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Canberra Today 3°/9° | Saturday, April 13, 2024 | Digital Edition | Crossword & Sudoku

Jazz-soul Lisa likely to raise festival finale roof

Kenyan singer-songwriter Lisa Oduor-Noah… “Every musician is a storyteller.”

IN an unusual departure from conventional festival programming, the final concert of the 2023 Canberra International Music Festival is likely to raise the roof of the Fitters’ Workshop in Kingston.

For instead of a line-up of premier classical instrumentalists, this year’s finale will feature two of the hottest properties on the international jazz-soul scene, Kenyan singer-songwriter Lisa Oduor-Noah and Aron Ottignon, NZ-born master of jazz and roots who now works from his Berlin studio, in between collaborations with Caribbean and Afro-beat superstars. 

“It’s more like a pop concert” director Roland Peelman says, with more than a touch of glee at upturning the musical tables.

I caught up with Oduor-Noah by phone to Nairobi and found myself in the hands of a seasoned musical artist who’s shared a stage with Coldplay, Ed Sheeran, Beyonce and Pearl Jam and partnered with Blinky Bill, Kato Change, June Gachui, and Sauti Sol.

“Every musician is a storyteller,” she tells me. “We have to connect with people and I try to do this in more intimate performances.

“I’ll be performing some songs from my albums, songs to explain to people what the music of Kenya is, and I’ll be singing in several different languages.”

Oduor-Noah was to come to Australia last year, but became entangled in the backlog of visa applications to enter the country, also encountering scepticism as to whether she was really an artist. 

“You’d only have to Google to find out that I really am,” she says, but all is well now.

“I grew up with the divas, Aretha, Gladys Knight and Mariah Carey,” she says, adding that her parents used to rock her to sleep to Lingala music, a fusion of African rhythms with Latin American influences.

Kenya has 42 to 43 separate tribes, but her mother tongue is Luo, originated from the River Nile region. She speaks English, Swahili and sings in French, but it pleases her that she can understand a lot of what fellow singers from neighbouring countries are saying.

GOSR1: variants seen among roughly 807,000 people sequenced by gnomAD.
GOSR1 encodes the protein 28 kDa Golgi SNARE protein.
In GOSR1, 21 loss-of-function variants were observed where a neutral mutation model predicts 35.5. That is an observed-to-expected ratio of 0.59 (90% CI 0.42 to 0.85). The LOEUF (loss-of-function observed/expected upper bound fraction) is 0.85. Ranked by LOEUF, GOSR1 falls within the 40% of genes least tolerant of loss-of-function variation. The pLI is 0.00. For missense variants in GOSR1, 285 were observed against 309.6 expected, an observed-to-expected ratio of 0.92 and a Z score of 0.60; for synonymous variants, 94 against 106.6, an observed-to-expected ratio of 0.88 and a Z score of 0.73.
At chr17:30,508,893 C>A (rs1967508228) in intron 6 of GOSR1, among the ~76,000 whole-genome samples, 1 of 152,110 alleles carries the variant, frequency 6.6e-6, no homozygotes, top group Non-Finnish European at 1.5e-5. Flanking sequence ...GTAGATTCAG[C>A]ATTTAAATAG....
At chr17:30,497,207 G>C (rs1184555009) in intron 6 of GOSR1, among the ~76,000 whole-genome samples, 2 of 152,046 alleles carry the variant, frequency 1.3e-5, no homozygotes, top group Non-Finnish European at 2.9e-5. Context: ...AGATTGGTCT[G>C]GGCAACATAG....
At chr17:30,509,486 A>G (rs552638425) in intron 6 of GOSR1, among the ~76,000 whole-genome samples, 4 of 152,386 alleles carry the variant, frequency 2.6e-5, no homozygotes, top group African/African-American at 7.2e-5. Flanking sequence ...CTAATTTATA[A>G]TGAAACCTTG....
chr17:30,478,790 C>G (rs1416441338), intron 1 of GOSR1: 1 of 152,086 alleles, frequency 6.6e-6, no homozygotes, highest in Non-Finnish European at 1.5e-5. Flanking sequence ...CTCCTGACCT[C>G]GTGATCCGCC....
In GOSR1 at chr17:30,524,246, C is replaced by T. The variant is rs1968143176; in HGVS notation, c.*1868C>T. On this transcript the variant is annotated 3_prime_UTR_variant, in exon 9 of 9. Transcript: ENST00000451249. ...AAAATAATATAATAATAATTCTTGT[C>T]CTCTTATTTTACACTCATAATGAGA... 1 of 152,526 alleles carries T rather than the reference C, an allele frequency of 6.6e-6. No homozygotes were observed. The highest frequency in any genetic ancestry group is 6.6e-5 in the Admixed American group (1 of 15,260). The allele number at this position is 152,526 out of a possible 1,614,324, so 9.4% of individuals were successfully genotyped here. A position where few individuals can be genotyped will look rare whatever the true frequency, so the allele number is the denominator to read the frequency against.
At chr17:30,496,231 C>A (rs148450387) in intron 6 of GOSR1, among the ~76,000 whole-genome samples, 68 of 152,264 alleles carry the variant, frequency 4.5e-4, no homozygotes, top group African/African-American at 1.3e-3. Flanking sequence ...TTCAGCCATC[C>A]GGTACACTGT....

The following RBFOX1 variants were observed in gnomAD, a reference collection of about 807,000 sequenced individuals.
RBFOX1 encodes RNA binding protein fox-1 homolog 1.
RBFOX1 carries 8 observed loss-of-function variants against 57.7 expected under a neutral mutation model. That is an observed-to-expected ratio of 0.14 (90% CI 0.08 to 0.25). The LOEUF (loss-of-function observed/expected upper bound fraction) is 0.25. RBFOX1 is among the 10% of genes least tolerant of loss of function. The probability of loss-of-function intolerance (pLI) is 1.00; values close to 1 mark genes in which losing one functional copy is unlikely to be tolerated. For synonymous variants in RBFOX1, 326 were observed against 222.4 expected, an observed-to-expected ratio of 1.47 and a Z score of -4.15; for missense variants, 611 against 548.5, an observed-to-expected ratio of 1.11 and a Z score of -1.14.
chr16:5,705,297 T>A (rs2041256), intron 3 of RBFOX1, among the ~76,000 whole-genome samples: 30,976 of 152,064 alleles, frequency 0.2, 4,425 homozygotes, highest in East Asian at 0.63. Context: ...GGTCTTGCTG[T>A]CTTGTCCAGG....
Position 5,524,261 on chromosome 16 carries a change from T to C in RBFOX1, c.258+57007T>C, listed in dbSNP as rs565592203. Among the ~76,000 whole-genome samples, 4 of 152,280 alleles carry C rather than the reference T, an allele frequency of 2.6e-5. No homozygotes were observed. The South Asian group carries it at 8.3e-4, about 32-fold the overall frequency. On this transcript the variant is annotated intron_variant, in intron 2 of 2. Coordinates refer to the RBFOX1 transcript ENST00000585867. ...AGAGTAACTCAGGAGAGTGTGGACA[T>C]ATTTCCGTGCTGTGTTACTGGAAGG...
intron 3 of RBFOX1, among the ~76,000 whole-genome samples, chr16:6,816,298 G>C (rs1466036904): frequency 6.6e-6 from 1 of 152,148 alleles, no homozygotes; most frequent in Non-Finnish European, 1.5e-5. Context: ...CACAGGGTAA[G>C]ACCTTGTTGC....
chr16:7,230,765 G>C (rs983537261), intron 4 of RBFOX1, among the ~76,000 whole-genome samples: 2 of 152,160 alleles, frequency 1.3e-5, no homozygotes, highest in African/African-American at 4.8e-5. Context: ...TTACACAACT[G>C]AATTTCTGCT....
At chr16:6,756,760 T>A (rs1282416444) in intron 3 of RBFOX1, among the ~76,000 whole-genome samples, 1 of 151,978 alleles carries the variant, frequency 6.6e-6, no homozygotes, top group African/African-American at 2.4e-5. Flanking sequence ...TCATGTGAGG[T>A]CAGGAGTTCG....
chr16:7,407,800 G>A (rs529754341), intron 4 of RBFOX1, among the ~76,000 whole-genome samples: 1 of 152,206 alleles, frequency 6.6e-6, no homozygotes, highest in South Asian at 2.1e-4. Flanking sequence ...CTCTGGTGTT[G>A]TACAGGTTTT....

Oduor-Noah cut her teeth singing traditional songs in school choir festivals from age nine when she went to Nairobi’s Loreto Convent Msongari.

Her school days are long behind her and there followed years of singing in her church’s youth worship team, when she thought that music was “some kind of a hobby”. 

Studying in Boston from 2015 to 2018, she says it was “a lot of fun… I loved my teachers and I also learnt to be kind to people, because you never know who might open the door for you.”

“It gave me more tools and it’s changed the way I hear melodies which will help me in producing music for my own albums,” she says.

Musical notes were no longer “ants on the page” and she came to appreciate the extraordinary gifts of the great classical musicians of whom she says, “now, I know what they were doing”.

“I like all different kinds of singing and there’s a lot of soul in me, but I really enjoy jazz because you can explore it, you can create your own colour palette… I guess I bounce between jazz and neo-soul,” she says.

Music festival artistic director Roland Peelman… “Let’s throw some light on childhood… It’s becoming difficult for kids to be socially together.” Photo: Peter Hislop

There’s more to a festival than a finale and while Peelman has fitted a lot in, including a focus on Ukraine in two concerts, the stated theme is “The Child Within”.

Refreshingly, he refuses to let themes straitjacket him, but this year he recognised there wasn’t a lot for young people in the festival. 

“Childhood has been hijacked through social media, the way we talk openly about child abuse, innocence has been hijacked,” he says.

“I thought, let’s throw some light on childhood… It’s becoming difficult for kids to be socially together, what with having to learn and sing online – how the hell do you do that?”

A centrepiece will be “The Children’s Crusade”, Benjamin Britten’s setting of Brecht’s 1939 poem about children who became orphans of war. That will be sung by the Luminescence Children’s Choir, while actor Christopher Samuel Carroll will recite the poem. 

Family has also been on his mind, with another concert called “Sibling Revelry”. He draws attention to the extraordinary phenomenon of siblings in the musical world – Peelman starts counting them, Fanny and Felix Mendelssohn, Lili and Nadia Boulanger, Martin and Peter Wesley-Smith and now, in a new commission by Flora and Theo Carbo, two young musicians from the Melbourne jazz scene.

2023 Canberra International Music Festival, April 27-May 7.

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Helen Musa

Helen Musa

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